But last Monday, Trump dragged the United States into a new zone of hostility with the Muslim world. His call for excluding all Muslims from entering the United States was offensive and gratuitous in the extreme.
In an article I published in Politico Magazine on Monday, comparing the experiences of the Muslim communities in America with their co-religionists in Europe and particularly France, I felt compelled to add that, “In America circa 2015, many public figures are engaged in open incitement against fellow Americans. To them we should say: These words will draw blood.”
Past and Present
Much has been written about the history of exclusion in the United States, of restrictions on immigrations from certain countries or peoples. As recently as the 1930s and 1940s, European Jews fleeing Fascism and Nazism were not universally welcomed here, while internment camps were established for 120,000 Japanese Americans, many of whom were U.S. citizens.
Trump has been very successful in manipulating people’s fears and their economic uncertainties. Recent polls show that fear of terrorism is lifting Trump’s approval ratings.
But this is the first time an American public figure, and leading candidate of the Republican Party for the Presidency of the U.S., has called for banning the followers of the world’s second largest religion from entering the United States.
Trump has been very successful in manipulating people’s fears and their economic uncertainties. Recent polls show that fear of terrorism is lifting Trump’s approval ratings, as a potentially strong leader who would be more successful in combatting ISIS, than President Obama.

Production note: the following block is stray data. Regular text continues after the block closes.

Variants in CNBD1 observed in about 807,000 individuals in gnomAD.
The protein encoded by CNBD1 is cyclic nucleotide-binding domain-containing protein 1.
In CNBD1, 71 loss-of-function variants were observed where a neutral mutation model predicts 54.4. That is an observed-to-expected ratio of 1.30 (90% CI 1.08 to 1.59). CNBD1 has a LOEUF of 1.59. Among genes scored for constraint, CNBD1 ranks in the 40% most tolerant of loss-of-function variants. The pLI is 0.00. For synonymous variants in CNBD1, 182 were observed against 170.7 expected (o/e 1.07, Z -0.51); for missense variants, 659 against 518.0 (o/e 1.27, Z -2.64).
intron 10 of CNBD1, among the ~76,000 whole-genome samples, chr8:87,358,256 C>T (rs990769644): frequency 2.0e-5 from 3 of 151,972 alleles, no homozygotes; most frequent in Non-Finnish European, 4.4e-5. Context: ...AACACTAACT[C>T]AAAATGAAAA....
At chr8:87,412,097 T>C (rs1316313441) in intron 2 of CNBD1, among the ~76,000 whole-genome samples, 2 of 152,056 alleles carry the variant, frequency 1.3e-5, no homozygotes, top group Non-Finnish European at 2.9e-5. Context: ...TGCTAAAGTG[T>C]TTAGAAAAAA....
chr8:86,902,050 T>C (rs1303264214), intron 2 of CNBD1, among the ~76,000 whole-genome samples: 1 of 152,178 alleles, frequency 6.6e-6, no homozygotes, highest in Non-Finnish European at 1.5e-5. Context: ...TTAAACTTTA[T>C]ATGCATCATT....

A recent New York Times/CBS poll showed that the public has little faith in President Obama handling the terrorism threat from the so-called “Islamic State”. The Trump phenomenon at this moment in the life of America – just as the recent electoral gains of right-wing parties in Europe, particularly the National Front in France – should be understood in the context of a crisis of confidence and of leadership in both the United States and the European Union. It is a crisis that was brought to the fore in the wake of a historic refugee crisis for Europe emanating from the Middle East, and following the terrorist attacks in Paris and San Bernardino committed mostly by the children of Muslim immigrants.
The EU never looked as uncertain about some of its fundamentals – multiculturalism, open borders, liberal immigration policies – as it looked this year. Long before the United States under Obama, the EU was retrenching from the Middle East, and some of its countries were drastically cutting their military budgets. Now France and the United Kingdom are being forced to react militarily to ISIS’s depredations in the heart of Europe. It is a sign of the times, that the U.S. after more than a year of an air campaign against ISIS in Syria and Iraq, and with limited deployment of Special Forces, is still unable to suppress ISIS let alone defeat it. No Western country is willing to deploy ground troops to destroy ISIS.
These are dangerous times, not only for the peoples of the Middle East, particularly Syria and Iraq, but also for the U.S. and the EU. Security challenges, economic uncertainties and weak leaderships have created the fertile grounds for the likes of Trump in the U.S. and Marine Le Pen in France.
Donald Trump will most likely not be elected President of the United States, but he has already demonstrated, that even in America, ambitious scoundrels can rise to invoke patriotism, project themselves as populist leaders, debase the political culture by demonizing other Americans, and whip up xenophobia and crass nativism. We have seen different faces of Mr. Trump in American history before. A loud, crass, narcissistic claimant of a savior in chief has emerged in our midst. This scoundrel is a native; he grew up in our political culture, and we deserve him.
Hisham Melhem is a columnist and analyst for Al Arabiya News Channel in Washington, DC. Melhem has interviewed many American and international public figures, including Presidents Barack Obama and George W. Bush, Secretaries of State Hillary Clinton and John Kerry, Secretary of Defense Robert Gates, and Chairman of the Joint Chiefs of Staff Admiral Mike Mullen, among others. He is also the correspondent for Annahar, the leading Lebanese daily. For four years he hosted “Across the Ocean,” a weekly current affairs program on U.S.-Arab relations for Al Arabiya. Follow him on Twitter: @hisham_melhem